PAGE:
Sunday, January 10, 2010

FIRST Robotics - 6 weeks to software

I'm putting off talking about Testing a while and talk about software and robotics.

FIRST (For Inspiration and Recognition of Science and Technology) just announced the competition game for the 2010 FRC (FIRST Robotics Competition). I talked with several Rookie teams at the kick-off and practice build and a lot of them need help, especially with software. I was thinking there needed to be a "FIRST's Beginners guide to a Robotics software in 6 weeks". The reality is the software is usually worked on after the robot has shipped and even during competition.

I have worked with Team 704 (Go Warriors!) for a year and I've been in software since I started learning about software in High School, before FIRST, before PC's. I have my own robots at home (NXT and basic stamp controlled) and have played with them for years.

So on to the important stuff, how to get started with your software for your Robot. After the game is announced (or was announced as of when this was posted), the first thing your team should be doing is brainstorming about what you want the robot to do and the design of the robot. At this stage, the kids/mentors doing the software should be working with everyone else to come up with a design.

However, if you're going to be doing software you should also be looking at the motors, controllers, and sensors. Especially look at how to use the software to retrieve information and control the sensors. How to control the motors and pneumatics. The more you know about them the better you'll be able to use them. You can also speak up during design about what can be used for control and operation.

One of your main resources on the web should be the National Instruments web site. It's full of tutorials, information, help, and has a good technical discussion board. Also, contact the NI sales representative for your area and see how accepting they are to the idea of helping you. They might not be able to help much, but then again, if they can help at a crucial time when you're stuck, it could be key.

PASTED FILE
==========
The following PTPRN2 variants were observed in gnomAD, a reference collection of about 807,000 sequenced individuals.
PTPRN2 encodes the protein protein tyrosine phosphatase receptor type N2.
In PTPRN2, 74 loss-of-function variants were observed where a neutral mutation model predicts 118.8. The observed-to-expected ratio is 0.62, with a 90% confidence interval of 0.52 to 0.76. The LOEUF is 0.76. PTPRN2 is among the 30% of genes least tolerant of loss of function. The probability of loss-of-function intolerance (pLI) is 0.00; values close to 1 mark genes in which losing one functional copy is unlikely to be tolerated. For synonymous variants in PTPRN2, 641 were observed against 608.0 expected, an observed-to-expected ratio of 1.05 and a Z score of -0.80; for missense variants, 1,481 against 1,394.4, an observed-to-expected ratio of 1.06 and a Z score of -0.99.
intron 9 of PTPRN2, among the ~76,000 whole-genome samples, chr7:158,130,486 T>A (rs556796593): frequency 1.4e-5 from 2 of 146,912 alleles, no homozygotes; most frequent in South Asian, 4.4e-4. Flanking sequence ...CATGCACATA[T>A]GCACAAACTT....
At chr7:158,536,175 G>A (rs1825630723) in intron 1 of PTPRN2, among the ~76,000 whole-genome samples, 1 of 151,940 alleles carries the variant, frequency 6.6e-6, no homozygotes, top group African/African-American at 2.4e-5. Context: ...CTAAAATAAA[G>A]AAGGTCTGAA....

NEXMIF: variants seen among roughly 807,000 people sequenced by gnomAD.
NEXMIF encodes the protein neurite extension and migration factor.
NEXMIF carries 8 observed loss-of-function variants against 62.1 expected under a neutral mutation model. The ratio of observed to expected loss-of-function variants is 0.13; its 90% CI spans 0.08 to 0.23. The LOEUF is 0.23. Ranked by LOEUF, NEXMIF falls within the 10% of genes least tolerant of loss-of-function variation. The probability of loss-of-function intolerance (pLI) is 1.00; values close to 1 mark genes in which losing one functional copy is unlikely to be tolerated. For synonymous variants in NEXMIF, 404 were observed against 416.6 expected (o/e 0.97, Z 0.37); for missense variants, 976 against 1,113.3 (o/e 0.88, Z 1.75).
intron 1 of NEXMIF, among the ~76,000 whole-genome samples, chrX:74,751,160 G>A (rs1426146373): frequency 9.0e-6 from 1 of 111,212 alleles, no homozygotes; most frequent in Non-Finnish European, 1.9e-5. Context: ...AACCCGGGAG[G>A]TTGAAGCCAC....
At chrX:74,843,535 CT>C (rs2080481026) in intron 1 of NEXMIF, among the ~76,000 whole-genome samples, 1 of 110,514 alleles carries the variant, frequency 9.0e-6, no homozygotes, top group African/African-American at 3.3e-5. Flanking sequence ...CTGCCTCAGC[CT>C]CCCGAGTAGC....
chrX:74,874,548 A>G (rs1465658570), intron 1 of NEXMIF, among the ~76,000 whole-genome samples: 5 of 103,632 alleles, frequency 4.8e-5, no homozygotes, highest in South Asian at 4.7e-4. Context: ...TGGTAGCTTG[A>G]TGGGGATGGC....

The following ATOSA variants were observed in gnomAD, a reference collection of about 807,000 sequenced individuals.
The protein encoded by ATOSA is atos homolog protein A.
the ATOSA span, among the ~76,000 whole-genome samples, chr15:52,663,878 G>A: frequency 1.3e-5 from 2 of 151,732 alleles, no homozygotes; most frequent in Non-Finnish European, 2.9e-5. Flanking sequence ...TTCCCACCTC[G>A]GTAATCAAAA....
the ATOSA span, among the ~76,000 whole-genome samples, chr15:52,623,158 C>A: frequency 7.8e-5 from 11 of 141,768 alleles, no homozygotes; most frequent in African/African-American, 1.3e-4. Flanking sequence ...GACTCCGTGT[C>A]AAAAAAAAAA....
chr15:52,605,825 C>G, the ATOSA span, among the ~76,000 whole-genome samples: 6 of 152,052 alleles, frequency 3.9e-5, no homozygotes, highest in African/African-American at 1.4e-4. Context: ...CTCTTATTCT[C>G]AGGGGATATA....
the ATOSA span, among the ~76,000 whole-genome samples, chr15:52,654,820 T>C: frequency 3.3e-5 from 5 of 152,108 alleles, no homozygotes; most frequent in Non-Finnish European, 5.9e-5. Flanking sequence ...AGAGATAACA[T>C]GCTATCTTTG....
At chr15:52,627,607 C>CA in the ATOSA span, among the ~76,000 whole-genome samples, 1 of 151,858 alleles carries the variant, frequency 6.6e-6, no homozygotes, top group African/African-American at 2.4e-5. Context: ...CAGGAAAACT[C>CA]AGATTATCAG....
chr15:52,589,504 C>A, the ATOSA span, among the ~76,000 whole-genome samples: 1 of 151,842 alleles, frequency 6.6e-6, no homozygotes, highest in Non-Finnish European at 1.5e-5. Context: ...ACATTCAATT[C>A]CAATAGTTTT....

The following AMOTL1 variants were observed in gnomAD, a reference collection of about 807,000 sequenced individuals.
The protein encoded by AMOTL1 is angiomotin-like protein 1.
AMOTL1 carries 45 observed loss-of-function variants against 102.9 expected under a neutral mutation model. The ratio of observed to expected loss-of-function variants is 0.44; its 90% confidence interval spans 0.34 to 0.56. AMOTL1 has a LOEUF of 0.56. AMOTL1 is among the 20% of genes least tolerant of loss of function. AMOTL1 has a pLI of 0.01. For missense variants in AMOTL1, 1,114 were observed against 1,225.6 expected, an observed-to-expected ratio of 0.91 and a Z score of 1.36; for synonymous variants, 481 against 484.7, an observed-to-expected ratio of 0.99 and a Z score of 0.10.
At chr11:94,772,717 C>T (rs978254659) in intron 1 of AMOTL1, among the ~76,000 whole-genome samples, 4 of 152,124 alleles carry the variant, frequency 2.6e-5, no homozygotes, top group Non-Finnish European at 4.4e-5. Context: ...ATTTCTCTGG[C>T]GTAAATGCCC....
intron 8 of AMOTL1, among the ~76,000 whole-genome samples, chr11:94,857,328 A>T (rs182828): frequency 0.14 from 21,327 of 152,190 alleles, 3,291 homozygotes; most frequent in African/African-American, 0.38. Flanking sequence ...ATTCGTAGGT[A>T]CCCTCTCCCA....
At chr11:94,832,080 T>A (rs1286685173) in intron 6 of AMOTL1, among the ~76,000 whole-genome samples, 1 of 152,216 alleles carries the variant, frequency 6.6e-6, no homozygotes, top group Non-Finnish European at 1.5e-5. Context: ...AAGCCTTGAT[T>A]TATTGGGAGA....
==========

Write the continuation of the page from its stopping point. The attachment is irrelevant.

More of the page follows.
You need to work with the kids to figure out which programming language to use. With kids with little or no experience in programming I would suggest using the LabVIEW graphical language, it's drag and drop programming. If you have kids who are experienced in programming, find out what languages they know. If you have a couple kids who have been through a C++ or Java class, you might think about doing your project in one of those languages.

The main thing is to play with the sensors. Get the camera out, make a pattern on a wall of the target and see if you can detect it, lock on it, move it out of focus and back in. Walk between the camera and image and re-acquire.

See how the gyro works, how the accelerometer works, how the limit switches work with, all with your cRio controller. This first week should be learning what the kids know, how the languages are used, and about the sensors and controllers and how they work.

But also be in on the design and thinking of where you need sensor's, what sensor's and controllers you need, and the general build of the Robot.

No comments: